CBD companies must register and label their products, per new Utah rule

The Utah Department of Agriculture and Food is reviewing and approving labels for businesses that want to sell CBD products in Utah. (Photo: Cristina Flores / KUTV)

(KUTV) — The Utah Department of Agriculture and Food is reviewing and approving labels for businesses that want to sell CBD products in Utah.

CBD products like oil, which come from hemp, are becoming more popular and are said to provide relief for conditions like pain, anxiety and sleeplessness and are seen as a safer alternative to harmful prescription drugs.

There is no official study done by the FDA.

Newly-created rules also require those companies label their products in order to reveal all ingredients and a certificate of analysis which verifies which third-party lab tested the ingredients by scanning a QR code that will appear on the label.

The code can be scanned with a cell phone, "which is great for the consumer,” said Corby Bleckert, Co-Founder of Go Pure CBD

Bleckert’s company is one of the first in Utah to register and receive approve for its new product label.

While several shops have been selling CBD products for years, including oil, the legality of the products has been a gray area.

Utah has not enforced the sale of those products in the past — it’s been mostly buyer beware.

The state will now allow those selling the CBD products to comply with the new rules before confiscating any product that doesn't meet the new requirements.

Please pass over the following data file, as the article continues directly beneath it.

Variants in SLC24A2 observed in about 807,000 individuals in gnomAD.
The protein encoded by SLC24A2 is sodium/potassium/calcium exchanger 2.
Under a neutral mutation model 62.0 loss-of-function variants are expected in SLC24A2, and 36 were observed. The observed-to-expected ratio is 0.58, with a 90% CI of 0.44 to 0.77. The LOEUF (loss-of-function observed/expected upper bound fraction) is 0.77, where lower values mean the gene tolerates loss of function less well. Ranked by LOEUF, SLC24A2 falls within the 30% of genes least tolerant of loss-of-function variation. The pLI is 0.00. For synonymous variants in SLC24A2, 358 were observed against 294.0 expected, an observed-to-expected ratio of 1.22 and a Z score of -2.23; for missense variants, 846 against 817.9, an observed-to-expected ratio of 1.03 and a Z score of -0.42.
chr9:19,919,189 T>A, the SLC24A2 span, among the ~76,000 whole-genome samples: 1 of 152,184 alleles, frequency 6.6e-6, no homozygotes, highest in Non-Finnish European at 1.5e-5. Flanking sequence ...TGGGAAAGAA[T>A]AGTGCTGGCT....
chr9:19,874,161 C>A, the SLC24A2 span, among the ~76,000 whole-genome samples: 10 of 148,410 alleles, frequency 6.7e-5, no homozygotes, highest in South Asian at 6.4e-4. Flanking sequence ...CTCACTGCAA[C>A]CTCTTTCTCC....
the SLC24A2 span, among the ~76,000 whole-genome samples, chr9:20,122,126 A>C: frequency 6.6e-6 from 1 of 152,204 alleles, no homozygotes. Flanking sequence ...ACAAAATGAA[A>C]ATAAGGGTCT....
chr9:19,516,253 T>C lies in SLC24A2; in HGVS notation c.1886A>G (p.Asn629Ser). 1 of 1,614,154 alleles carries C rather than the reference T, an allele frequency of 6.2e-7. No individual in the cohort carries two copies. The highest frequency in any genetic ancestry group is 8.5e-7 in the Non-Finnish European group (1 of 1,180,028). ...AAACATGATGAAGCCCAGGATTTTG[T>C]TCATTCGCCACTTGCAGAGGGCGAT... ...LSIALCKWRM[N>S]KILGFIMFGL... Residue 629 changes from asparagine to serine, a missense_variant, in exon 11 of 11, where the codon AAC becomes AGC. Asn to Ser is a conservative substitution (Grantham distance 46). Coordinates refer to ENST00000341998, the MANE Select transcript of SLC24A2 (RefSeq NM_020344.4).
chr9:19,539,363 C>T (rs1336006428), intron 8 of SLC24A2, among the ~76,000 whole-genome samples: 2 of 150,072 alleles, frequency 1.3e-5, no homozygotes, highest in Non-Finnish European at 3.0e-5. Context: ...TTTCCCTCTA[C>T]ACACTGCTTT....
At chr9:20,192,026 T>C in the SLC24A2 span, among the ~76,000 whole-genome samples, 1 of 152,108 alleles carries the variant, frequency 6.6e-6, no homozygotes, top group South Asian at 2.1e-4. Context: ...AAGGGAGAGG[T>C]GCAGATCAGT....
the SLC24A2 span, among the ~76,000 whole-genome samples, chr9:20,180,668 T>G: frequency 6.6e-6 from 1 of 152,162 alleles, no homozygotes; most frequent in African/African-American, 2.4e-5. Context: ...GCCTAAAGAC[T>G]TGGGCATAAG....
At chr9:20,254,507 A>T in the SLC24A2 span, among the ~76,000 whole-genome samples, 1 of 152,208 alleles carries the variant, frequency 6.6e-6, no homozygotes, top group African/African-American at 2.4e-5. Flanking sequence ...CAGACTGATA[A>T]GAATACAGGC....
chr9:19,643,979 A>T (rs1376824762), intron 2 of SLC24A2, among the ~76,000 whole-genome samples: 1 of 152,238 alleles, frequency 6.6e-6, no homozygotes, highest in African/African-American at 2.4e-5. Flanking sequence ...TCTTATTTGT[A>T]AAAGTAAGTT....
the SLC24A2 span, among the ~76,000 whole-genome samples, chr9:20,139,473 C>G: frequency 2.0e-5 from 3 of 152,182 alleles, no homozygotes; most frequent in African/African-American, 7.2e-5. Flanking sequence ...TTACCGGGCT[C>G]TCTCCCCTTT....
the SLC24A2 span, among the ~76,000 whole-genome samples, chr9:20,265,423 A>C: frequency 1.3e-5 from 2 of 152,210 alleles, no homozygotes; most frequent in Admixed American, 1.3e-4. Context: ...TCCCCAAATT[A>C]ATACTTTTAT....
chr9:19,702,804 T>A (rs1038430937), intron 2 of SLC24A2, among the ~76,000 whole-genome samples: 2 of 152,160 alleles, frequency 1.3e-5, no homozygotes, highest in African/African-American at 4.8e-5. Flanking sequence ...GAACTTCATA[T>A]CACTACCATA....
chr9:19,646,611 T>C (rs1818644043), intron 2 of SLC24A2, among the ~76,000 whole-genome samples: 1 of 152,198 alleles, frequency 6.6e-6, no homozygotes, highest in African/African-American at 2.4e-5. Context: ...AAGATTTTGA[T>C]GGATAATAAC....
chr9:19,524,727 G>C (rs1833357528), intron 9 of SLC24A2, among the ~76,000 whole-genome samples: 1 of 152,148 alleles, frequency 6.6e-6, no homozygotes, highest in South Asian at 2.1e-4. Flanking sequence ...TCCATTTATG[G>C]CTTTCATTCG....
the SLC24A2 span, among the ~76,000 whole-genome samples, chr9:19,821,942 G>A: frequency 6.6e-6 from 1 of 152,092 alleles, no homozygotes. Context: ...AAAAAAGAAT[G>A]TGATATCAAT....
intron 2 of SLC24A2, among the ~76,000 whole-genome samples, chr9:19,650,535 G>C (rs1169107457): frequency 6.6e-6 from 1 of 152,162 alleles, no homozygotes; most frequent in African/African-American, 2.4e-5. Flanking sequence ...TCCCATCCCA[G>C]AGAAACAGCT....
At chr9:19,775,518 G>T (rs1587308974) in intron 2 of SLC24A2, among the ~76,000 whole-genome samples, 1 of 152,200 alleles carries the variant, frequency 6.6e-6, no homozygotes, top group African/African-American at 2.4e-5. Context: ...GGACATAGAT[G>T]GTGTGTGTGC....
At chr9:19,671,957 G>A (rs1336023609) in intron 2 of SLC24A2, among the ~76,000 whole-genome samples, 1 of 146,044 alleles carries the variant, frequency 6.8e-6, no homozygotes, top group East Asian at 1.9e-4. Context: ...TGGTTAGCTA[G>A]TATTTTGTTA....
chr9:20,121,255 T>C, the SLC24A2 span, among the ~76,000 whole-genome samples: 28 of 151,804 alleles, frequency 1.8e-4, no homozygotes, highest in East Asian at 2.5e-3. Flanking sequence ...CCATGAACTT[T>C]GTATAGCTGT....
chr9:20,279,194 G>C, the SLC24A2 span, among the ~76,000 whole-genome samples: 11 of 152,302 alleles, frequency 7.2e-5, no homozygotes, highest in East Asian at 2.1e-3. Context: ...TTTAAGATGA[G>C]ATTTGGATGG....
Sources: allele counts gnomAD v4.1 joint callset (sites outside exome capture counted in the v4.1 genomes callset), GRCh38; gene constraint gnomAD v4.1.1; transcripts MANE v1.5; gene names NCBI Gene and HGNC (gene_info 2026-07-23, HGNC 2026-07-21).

Scott Ericson, Deputy Director at the Utah Department of Food and Agriculture said the state is looking out for the consumer.

"So that when they purchase something, they get what they pay for and there aren't any harmful products," he said.

Ericson said in other states, CBD oil and other products have been mixed with harmful drugs like fentanyl and spice, then sold, causing harm to consumers.

In other cases, he said some products sold as CBD have contained other ingredients that aren't harmful but not helpful to the buyer.

He said with the interest in CBD products, many companies are expected to pay the $200 per-product registration fee and sign-on to sell products.

He said for some companies the process has been slower than they hoped but it should not hamper any legitimate business from selling CBD.

Corby Bleckert said he's been waiting to get state approval in order to launch his business in Utah which for now, will mostly sell CBD products through the company website.

He said in order for CBD to become a trusted product the state of Utah will have to enforce the rules and make sure that products sold, adhere to the labeling requirements.

"It will be up to the state to police what's happening out there," he said.

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